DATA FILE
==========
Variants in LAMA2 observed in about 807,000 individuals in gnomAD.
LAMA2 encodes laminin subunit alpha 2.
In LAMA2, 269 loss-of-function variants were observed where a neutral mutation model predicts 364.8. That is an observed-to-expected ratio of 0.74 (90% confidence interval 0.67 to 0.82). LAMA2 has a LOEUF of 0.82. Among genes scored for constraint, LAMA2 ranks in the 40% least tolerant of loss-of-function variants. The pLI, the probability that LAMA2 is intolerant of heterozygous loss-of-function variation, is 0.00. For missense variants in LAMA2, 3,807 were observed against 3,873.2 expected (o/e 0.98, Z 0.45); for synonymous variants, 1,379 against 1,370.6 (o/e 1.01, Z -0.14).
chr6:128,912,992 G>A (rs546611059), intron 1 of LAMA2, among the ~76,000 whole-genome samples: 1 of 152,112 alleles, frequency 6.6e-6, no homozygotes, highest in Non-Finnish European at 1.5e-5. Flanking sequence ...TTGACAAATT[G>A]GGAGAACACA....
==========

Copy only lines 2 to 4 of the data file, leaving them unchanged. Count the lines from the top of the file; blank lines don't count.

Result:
LAMA2 encodes laminin subunit alpha 2.
In LAMA2, 269 loss-of-function variants were observed where a neutral mutation model predicts 364.8. That is an observed-to-expected ratio of 0.74 (90% confidence interval 0.67 to 0.82). LAMA2 has a LOEUF of 0.82. Among genes scored for constraint, LAMA2 ranks in the 40% least tolerant of loss-of-function variants. The pLI, the probability that LAMA2 is intolerant of heterozygous loss-of-function variation, is 0.00. For missense variants in LAMA2, 3,807 were observed against 3,873.2 expected (o/e 0.98, Z 0.45); for synonymous variants, 1,379 against 1,370.6 (o/e 1.01, Z -0.14).
chr6:128,912,992 G>A (rs546611059), intron 1 of LAMA2, among the ~76,000 whole-genome samples: 1 of 152,112 alleles, frequency 6.6e-6, no homozygotes, highest in Non-Finnish European at 1.5e-5. Flanking sequence ...TTGACAAATT[G>A]GGAGAACACA....